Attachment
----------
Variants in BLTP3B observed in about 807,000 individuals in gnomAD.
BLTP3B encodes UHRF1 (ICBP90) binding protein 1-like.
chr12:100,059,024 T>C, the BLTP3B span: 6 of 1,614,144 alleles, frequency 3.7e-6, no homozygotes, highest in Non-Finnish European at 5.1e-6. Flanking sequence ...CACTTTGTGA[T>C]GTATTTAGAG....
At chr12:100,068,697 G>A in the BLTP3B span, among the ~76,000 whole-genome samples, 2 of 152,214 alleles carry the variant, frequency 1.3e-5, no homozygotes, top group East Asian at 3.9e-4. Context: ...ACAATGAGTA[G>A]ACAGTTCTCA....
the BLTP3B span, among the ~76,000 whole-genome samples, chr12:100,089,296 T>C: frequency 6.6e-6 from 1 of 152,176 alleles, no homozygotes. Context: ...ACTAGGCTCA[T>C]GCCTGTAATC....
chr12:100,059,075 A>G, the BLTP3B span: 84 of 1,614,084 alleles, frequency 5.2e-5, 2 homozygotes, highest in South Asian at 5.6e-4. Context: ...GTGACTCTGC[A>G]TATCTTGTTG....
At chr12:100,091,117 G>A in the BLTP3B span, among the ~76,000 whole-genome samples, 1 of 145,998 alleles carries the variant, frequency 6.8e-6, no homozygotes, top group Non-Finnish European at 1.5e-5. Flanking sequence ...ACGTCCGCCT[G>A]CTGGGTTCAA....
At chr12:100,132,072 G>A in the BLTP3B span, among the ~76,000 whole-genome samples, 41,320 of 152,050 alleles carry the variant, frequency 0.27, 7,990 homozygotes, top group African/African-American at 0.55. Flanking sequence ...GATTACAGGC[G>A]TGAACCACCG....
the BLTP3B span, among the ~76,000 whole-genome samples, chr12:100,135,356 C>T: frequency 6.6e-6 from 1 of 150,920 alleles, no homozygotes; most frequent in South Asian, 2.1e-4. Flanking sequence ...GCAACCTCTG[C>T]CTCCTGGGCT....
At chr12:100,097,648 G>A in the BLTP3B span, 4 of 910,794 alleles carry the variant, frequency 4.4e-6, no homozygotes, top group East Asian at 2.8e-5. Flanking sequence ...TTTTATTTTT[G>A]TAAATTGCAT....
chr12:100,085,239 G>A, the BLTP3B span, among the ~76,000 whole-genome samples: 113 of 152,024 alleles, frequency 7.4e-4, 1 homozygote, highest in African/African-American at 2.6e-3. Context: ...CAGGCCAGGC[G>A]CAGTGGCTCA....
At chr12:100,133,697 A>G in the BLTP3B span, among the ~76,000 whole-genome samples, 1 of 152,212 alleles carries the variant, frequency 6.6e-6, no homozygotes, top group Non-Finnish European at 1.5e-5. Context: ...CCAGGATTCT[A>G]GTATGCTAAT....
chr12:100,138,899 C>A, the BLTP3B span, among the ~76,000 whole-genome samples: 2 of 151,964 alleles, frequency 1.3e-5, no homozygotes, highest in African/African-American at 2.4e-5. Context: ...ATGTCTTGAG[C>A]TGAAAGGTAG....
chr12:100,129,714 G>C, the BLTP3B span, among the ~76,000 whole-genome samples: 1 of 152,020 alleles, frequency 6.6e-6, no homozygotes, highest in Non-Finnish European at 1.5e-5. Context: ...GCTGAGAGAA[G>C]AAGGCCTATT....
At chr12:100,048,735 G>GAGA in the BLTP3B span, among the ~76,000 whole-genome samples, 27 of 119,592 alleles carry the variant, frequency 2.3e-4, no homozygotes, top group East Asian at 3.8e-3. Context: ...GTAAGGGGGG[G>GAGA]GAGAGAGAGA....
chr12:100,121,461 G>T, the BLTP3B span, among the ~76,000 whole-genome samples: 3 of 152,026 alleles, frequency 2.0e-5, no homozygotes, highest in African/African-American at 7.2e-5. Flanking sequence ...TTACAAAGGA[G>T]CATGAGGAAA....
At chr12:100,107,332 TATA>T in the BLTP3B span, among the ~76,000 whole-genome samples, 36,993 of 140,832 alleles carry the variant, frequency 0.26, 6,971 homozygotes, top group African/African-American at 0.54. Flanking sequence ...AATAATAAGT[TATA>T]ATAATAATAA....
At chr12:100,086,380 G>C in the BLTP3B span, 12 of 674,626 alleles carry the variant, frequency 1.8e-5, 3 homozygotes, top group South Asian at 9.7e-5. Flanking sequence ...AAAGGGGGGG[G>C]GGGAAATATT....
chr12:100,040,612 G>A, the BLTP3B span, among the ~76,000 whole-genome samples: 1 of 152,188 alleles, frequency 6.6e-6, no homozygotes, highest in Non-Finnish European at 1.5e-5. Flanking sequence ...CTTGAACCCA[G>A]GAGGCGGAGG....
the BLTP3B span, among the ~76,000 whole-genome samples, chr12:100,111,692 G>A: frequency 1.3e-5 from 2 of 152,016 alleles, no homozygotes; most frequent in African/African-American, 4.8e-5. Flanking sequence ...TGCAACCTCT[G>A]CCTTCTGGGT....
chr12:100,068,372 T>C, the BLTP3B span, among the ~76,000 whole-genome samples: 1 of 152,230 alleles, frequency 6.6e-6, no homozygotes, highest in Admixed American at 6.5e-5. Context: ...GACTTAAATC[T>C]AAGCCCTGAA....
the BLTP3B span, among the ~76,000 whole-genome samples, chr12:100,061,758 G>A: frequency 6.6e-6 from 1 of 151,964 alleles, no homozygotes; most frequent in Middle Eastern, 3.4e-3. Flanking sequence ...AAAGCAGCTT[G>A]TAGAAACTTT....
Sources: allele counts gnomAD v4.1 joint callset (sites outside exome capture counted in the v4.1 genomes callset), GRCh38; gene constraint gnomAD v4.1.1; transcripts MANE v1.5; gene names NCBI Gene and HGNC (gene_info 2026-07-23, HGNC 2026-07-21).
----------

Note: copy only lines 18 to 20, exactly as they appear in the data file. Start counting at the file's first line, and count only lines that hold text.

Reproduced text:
At chr12:100,086,380 G>C in the BLTP3B span, 12 of 674,626 alleles carry the variant, frequency 1.8e-5, 3 homozygotes, top group South Asian at 9.7e-5. Flanking sequence ...AAAGGGGGGG[G>C]GGGAAATATT....
chr12:100,040,612 G>A, the BLTP3B span, among the ~76,000 whole-genome samples: 1 of 152,188 alleles, frequency 6.6e-6, no homozygotes, highest in Non-Finnish European at 1.5e-5. Flanking sequence ...CTTGAACCCA[G>A]GAGGCGGAGG....
the BLTP3B span, among the ~76,000 whole-genome samples, chr12:100,111,692 G>A: frequency 1.3e-5 from 2 of 152,016 alleles, no homozygotes; most frequent in African/African-American, 4.8e-5. Flanking sequence ...TGCAACCTCT[G>A]CCTTCTGGGT....